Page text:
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  • 2 months later...
I would also be curious about Trim Enabler, particularly with respect to power consumption. I just installed a Corsair Force 240gb on my MacBook Pro (mid-2009), and while I notice the speed increase and cooler operation, the SSD seems to be using significantly more power than the Seagate moments 7200.4 drive it replaced.
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I would also be curious about Trim Enabler, particularly with respect to power consumption. I just installed a Corsair Force 240gb on my MacBook Pro (mid-2009), and while I notice the speed increase and cooler operation, the SSD seems to be using significantly more power than the Seagate moments 7200.4 drive it replaced.

 

I am sorry but that is theoretically impossible with SSD drives they use significantly less power them selves: A spinning NB HDD will use about 10-40 watts where as a SSD will use 5-7 watts. However, because of the increase in data speed the S-ATA controller will work harder and use more power but you would have to speak with the Chipset manufacturer to get an idea of what would be expected.

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Thanks for that answer, Ram Guy. But it doesn't matter to me whether the drive itself is using more power, or it is causing another component to do so. My understanding from my reading of reviews was that modern SSD's are easier, or at least no harder, on a laptop battery time than mechanical HD's. If that is not the case, I wouldn't put an SSD in my laptop. I'm hoping someone can suggest ways to reduce their direct or indirect energy consumption because I quite like the Corsair SSD in my MacBook Pro otherwise. If it turns out not to be the case, I'll remove it and put it inside one of my desktop Macs.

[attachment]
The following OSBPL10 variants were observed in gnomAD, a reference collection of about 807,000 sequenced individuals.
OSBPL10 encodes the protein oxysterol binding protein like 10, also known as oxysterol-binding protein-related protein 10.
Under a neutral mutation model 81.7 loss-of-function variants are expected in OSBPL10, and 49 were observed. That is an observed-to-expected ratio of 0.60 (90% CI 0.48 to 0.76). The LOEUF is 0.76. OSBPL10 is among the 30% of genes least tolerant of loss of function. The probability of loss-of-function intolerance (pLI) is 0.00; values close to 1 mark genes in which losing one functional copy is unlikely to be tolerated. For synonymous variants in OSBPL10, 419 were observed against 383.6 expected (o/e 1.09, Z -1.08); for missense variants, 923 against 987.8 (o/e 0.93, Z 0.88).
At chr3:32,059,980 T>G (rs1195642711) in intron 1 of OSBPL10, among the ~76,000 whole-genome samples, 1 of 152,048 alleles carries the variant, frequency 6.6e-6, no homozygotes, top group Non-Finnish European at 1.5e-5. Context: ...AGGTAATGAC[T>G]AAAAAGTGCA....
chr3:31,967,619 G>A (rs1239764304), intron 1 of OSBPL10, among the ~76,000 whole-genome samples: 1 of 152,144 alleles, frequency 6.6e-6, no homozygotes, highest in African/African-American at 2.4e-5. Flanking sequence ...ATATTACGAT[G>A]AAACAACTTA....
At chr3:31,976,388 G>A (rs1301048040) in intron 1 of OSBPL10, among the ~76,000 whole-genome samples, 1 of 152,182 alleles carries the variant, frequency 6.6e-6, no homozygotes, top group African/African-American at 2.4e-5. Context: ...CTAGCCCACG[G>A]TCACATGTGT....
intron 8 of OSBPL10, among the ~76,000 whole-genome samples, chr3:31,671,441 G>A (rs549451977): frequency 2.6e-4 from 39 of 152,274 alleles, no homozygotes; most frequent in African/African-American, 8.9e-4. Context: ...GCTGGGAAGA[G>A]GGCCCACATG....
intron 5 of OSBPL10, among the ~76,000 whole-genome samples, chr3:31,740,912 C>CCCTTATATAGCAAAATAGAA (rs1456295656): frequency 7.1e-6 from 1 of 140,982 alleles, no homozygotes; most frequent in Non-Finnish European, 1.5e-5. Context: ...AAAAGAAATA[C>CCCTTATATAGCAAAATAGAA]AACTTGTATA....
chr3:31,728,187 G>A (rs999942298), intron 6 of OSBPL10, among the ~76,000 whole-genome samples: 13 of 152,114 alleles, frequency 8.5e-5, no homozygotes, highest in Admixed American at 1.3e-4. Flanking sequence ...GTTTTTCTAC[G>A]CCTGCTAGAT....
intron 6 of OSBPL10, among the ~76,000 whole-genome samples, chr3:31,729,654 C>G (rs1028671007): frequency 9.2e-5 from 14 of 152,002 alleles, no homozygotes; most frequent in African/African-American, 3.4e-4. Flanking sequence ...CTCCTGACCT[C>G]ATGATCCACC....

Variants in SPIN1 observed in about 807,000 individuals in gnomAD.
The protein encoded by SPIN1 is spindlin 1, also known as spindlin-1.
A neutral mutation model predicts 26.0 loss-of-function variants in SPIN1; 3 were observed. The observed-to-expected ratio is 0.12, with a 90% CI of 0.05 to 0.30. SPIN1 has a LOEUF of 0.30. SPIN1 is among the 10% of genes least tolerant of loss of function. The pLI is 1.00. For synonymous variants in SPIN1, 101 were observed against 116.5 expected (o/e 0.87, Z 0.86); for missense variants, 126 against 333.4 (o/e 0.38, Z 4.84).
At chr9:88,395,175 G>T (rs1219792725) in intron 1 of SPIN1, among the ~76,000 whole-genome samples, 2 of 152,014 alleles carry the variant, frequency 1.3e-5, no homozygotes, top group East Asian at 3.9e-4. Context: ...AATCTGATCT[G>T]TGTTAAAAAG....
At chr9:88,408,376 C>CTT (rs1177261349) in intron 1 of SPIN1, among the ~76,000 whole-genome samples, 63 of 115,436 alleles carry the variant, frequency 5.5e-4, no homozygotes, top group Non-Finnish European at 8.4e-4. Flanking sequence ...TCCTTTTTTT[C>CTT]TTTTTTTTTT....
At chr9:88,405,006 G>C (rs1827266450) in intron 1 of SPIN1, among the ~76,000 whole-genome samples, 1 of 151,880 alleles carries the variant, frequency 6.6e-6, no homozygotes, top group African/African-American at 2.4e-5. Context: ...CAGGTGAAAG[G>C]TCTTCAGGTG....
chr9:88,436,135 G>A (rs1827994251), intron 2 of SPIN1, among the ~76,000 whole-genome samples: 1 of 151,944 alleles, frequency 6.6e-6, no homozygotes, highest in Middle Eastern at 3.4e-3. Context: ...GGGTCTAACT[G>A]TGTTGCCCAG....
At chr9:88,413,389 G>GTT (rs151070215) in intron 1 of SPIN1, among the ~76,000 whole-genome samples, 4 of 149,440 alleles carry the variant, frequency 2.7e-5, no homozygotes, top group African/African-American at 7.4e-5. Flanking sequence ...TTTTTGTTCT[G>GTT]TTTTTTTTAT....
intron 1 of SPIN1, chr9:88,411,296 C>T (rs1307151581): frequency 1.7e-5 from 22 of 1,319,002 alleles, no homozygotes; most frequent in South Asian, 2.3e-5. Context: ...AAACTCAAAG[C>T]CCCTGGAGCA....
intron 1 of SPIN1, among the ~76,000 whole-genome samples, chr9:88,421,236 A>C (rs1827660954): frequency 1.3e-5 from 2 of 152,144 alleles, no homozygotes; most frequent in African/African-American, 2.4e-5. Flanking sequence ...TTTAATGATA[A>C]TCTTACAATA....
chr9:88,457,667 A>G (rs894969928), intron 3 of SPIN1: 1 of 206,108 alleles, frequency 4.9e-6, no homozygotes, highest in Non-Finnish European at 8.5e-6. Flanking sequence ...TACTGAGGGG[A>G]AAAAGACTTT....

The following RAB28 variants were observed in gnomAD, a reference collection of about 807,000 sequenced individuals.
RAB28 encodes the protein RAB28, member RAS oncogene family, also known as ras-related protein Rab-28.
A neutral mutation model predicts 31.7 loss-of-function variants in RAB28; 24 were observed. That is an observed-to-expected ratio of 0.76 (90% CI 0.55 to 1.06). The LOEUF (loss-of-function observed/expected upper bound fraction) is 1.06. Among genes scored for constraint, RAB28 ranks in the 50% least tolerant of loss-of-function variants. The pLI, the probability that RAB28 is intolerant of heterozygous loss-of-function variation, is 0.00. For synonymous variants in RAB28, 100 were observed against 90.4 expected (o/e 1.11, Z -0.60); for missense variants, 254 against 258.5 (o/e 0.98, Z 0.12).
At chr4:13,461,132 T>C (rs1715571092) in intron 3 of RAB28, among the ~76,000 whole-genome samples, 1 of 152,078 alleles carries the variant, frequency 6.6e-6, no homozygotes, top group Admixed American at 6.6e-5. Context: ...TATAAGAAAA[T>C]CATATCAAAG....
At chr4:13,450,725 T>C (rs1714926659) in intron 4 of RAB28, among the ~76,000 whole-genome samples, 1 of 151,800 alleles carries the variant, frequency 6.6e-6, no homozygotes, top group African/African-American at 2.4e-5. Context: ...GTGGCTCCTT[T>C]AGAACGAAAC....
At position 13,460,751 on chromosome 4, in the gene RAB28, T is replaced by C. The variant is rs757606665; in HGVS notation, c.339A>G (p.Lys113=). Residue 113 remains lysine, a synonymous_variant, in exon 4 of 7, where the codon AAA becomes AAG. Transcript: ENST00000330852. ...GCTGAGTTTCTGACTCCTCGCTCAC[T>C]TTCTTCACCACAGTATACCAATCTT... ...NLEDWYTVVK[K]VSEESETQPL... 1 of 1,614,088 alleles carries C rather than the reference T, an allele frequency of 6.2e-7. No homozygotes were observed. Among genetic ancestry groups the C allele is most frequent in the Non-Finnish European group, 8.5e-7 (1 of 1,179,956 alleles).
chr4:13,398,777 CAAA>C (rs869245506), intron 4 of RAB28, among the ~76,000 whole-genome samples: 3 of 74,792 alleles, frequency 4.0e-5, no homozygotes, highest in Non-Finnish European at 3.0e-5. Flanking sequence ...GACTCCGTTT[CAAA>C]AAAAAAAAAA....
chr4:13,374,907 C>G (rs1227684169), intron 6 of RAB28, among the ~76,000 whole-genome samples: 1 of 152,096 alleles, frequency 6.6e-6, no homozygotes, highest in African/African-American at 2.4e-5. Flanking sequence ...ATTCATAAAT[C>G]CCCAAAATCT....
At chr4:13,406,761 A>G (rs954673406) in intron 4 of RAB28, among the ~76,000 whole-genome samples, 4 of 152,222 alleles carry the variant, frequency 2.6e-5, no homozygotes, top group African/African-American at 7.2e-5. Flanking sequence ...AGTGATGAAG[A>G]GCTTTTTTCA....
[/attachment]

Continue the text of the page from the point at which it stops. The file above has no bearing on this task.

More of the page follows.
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I am sorry but that is theoretically impossible with SSD drives they use significantly less power them selves: A spinning NB HDD will use about 10-40 watts where as a SSD will use 5-7 watts. However, because of the increase in data speed the S-ATA controller will work harder and use more power but you would have to speak with the Chipset manufacturer to get an idea of what would be expected.

 

I'm sorry, 40 watts, really?

 

A standard USB can offer about 3W and it runs fine most spinning disks on external bays. Saying a standard hard drive uses 40W to run is just crazy and nonsense.

 

I think it's lame to think that a SSD will impact the battery life (in a good way), since it's power specifications are very similar to most standard hard disks (if not worse).

 

For example, a 7200 rpm NB HDD with 750 gb uses:

 

Read/Write 1.75 Watts

Idle 0.80 Watts

Standby 0.20 Watts

Sleep 0.20 Watts

 

And a Force 3 SSD

 

Power Consumption (active) 2.0W Max

Power Consumption (idle/standby/sleep) 0.5W Max

 

Pretty similar, huh?

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  • 2 weeks later...
Does anyone know if I should enable TRIM on OS X? Currently, I'm using Trim Enabler..

 

However, I've been reading, and there are people saying that the Force GT has its own garbage collection system, and that running TRIM would actually make the drive under perform..

 

Anyone has anything to share?

 

No answer?

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Somewhat, thanks. But there was the questioner had the specific question about: "the Force GT has its own garbage collection system, and that running TRIM would actually make the drive under perform."